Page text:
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10 Myths About IRS Audits

1

If I Got a Refund, I'm in the Clear

buying a plane
Go ahead: Put a down payment on your private plane with your tax refund. Just remember that getting the check doesn't mean you can never be audited for that return. Kiyoshi Takahase segundo/Hemera/Thinkstock

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You might assume that because the IRS accepted your return and paid a refund, that means you are in the clear. But that's not necessarily the case. While the IRS says that it tries to audit tax returns as soon as possible after they are filed, in practice, the volume of returns that it has to manage means that it can take a while to get around to them. "Most audits will be of returns filed with the last two years," the IRS explains on its website [source: IRS].

Returns sometimes are flagged for audits by a computerized system that looks for numbers that are outside the statistical norms for similar returns. Additionally, the IRS sometimes selects returns for audits because they involve issues or transactions with business partners or investors who've already been picked out for scrutiny [source: IRS].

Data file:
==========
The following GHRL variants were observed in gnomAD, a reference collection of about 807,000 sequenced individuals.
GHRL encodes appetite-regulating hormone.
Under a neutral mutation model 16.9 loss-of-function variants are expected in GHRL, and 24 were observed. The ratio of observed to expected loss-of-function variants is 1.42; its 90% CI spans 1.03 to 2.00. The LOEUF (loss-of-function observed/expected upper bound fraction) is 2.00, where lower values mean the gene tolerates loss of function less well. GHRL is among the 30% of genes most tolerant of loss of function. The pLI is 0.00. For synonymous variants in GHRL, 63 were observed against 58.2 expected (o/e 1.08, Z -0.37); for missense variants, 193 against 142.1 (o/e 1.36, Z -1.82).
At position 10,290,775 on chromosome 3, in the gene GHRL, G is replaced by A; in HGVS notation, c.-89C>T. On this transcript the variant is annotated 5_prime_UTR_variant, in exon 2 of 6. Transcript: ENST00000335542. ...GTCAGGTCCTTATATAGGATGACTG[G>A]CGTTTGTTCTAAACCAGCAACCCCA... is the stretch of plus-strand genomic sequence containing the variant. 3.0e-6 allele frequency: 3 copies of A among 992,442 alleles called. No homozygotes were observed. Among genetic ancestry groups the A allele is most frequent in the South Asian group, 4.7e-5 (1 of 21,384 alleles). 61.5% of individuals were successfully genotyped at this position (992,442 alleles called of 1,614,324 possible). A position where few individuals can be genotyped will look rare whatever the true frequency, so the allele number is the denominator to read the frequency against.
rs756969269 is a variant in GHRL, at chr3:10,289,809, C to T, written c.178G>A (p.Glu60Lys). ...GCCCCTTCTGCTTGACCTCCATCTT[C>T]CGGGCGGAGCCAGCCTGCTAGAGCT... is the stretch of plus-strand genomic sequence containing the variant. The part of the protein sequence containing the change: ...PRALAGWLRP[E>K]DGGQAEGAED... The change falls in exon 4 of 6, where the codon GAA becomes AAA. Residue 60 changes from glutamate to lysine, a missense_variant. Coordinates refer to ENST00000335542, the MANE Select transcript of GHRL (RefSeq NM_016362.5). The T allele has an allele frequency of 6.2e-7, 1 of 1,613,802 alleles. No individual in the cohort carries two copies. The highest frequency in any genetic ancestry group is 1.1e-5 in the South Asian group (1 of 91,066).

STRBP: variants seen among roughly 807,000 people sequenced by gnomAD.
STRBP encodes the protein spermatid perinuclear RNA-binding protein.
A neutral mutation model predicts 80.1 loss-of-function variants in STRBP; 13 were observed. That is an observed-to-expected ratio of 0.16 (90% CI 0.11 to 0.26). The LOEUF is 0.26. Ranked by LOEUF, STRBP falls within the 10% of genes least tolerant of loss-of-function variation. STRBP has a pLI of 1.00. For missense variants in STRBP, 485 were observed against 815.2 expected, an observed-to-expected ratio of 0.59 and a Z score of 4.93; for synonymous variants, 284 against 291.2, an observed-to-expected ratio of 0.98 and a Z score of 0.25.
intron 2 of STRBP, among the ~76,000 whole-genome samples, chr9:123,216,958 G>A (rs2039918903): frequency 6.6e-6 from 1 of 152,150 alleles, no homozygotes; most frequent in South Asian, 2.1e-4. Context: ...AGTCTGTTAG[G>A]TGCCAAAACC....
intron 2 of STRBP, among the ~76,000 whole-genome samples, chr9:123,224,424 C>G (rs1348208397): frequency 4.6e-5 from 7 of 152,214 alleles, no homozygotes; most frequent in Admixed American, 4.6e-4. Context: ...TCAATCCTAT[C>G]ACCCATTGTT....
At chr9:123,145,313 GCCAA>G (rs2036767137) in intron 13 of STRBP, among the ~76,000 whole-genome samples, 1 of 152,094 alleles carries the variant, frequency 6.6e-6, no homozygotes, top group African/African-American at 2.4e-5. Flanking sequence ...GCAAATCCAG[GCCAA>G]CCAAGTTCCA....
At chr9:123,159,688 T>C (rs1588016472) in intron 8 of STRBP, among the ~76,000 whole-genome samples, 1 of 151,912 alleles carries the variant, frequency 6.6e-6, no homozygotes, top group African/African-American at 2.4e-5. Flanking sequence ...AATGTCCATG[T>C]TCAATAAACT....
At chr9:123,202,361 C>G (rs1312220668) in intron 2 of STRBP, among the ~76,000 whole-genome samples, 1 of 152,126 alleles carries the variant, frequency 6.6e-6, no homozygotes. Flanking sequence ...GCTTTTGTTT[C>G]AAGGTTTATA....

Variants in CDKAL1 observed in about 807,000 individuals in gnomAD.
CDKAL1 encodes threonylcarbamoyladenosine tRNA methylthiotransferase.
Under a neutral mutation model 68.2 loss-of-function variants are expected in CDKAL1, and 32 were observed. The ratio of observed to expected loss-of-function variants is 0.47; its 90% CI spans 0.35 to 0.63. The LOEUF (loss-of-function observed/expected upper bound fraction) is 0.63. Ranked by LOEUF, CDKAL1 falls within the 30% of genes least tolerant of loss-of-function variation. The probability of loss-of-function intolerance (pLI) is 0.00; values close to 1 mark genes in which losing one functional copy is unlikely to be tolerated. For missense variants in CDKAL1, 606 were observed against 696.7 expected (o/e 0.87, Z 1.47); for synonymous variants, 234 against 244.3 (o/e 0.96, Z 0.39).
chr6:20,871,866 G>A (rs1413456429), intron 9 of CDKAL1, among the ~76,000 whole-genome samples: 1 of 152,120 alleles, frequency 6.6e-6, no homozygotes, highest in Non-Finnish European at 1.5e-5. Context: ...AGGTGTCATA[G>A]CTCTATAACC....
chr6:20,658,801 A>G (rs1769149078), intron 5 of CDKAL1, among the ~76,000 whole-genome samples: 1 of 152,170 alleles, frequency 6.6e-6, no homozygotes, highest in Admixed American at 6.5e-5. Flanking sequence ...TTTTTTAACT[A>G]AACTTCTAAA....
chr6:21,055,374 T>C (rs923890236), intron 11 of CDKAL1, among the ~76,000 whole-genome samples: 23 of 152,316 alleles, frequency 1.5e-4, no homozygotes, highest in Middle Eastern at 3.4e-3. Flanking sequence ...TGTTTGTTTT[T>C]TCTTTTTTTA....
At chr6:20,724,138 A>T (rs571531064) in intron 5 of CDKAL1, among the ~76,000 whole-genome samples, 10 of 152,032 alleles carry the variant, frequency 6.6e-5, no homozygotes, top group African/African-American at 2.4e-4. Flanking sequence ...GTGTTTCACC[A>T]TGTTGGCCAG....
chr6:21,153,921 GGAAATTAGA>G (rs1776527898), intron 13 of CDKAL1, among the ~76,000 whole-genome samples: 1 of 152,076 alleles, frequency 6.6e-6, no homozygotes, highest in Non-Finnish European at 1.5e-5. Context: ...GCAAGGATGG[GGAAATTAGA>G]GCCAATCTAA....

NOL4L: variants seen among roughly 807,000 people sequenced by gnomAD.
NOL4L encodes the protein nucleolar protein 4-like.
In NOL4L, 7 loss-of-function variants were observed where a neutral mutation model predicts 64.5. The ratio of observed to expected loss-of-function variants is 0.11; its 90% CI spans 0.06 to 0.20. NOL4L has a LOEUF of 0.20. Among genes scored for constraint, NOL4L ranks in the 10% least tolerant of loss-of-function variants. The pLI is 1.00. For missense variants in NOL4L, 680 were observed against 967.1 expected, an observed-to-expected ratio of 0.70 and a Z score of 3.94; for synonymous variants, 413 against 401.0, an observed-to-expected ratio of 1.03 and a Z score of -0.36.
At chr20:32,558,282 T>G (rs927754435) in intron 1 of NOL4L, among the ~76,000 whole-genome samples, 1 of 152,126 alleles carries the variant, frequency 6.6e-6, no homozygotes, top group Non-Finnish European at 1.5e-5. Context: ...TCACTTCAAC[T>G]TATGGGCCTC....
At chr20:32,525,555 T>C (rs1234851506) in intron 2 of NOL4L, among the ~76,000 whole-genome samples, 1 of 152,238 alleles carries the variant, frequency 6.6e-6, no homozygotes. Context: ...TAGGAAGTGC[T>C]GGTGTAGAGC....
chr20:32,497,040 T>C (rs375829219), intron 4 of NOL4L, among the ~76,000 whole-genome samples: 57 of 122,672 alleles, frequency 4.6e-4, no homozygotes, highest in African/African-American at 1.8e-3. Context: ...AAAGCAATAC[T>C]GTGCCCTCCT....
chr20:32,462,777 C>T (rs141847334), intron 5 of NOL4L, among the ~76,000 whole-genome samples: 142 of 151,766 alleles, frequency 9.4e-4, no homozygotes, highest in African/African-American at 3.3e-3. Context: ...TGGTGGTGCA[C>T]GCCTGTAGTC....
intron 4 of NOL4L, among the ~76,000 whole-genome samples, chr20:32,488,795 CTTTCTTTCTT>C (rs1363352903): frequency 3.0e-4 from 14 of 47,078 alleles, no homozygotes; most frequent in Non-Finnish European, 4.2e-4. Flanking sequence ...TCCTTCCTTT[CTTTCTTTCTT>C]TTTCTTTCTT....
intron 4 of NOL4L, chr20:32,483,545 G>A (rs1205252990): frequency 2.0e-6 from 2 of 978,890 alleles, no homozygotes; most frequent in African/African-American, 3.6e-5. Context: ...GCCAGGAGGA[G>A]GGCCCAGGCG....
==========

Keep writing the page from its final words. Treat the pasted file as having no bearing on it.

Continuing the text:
Your return may also be selected for audit based off information sent to the IRS by third parties. For instance if the income you reported does not match the information on a 1099 or W-2 form, you have a higher chance of being audited [source: IRS].

If your return is pulled, an experienced auditor will take a closer look at it. In some cases, that person eventually may opt to accept the return. But if the auditor spots something that looks questionable, he or she will identify the items and forward it to an examining group for a fuller audit [source: IRS].

And let's also remember the IRS has up to three years, and in some cases six years, to audit you.

These are just a few of the most common myths you'll hear about audits during the tax season. Moral of the story: Don't cheat the IRS, and you'll have nothing to worry about if you do happen to get audited.

Last editorial update on Feb 27, 2020 05:33:33 pm.

Author's Note: 10 Myths About IRS Tax Audits

Since tax law is always changing, , you may want to consider getting some help from a tax professional. It is well worth the price tag.

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Sources

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  • Congressional Budget Office. "Increase Appropriations for the Internal Revenue Service's Enforcement Initiatives. " Dec. 13, 2018. (Feb. 23, 2020) https://www.cbo.gov/budget-options/2018/54826
  • Ellis, B. "How to survive a tax audit by the IRS." CNN. April 24, 2013 (Feb. 23, 2020.) http://money.cnn.com/2013/04/24/pf/taxes/irs-audit/
  • Internal Revenue Service. "Earned Income Tax Credit Income Limits and Maximum Credit Amounts. " Dec. 30, 2019. (Feb. 23, 2020) https://www.irs.gov/credits-deductions/individuals/earned-income-tax-credit/earned-income-tax-credit-income-limits-and-maximum-credit-amounts
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  • Internal Revenue Service. "IRS Audits." Jan 16, 2020. (Feb. 23, 2020)
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